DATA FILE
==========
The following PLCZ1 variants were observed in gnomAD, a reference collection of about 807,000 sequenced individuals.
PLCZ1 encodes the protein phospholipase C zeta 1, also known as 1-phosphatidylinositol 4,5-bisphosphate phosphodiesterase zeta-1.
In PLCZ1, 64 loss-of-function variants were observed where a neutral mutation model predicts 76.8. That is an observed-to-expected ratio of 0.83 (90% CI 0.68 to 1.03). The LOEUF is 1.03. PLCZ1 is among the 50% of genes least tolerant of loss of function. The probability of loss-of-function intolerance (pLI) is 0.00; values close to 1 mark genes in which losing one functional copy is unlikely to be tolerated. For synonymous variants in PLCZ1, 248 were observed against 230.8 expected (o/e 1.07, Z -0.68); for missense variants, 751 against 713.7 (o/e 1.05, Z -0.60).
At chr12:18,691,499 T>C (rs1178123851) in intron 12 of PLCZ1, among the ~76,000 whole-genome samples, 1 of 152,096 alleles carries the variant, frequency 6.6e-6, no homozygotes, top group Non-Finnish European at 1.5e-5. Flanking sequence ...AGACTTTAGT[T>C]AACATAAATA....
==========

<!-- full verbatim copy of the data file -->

The following PLCZ1 variants were observed in gnomAD, a reference collection of about 807,000 sequenced individuals.
PLCZ1 encodes the protein phospholipase C zeta 1, also known as 1-phosphatidylinositol 4,5-bisphosphate phosphodiesterase zeta-1.
In PLCZ1, 64 loss-of-function variants were observed where a neutral mutation model predicts 76.8. That is an observed-to-expected ratio of 0.83 (90% CI 0.68 to 1.03). The LOEUF is 1.03. PLCZ1 is among the 50% of genes least tolerant of loss of function. The probability of loss-of-function intolerance (pLI) is 0.00; values close to 1 mark genes in which losing one functional copy is unlikely to be tolerated. For synonymous variants in PLCZ1, 248 were observed against 230.8 expected (o/e 1.07, Z -0.68); for missense variants, 751 against 713.7 (o/e 1.05, Z -0.60).
At chr12:18,691,499 T>C (rs1178123851) in intron 12 of PLCZ1, among the ~76,000 whole-genome samples, 1 of 152,096 alleles carries the variant, frequency 6.6e-6, no homozygotes, top group Non-Finnish European at 1.5e-5. Flanking sequence ...AGACTTTAGT[T>C]AACATAAATA....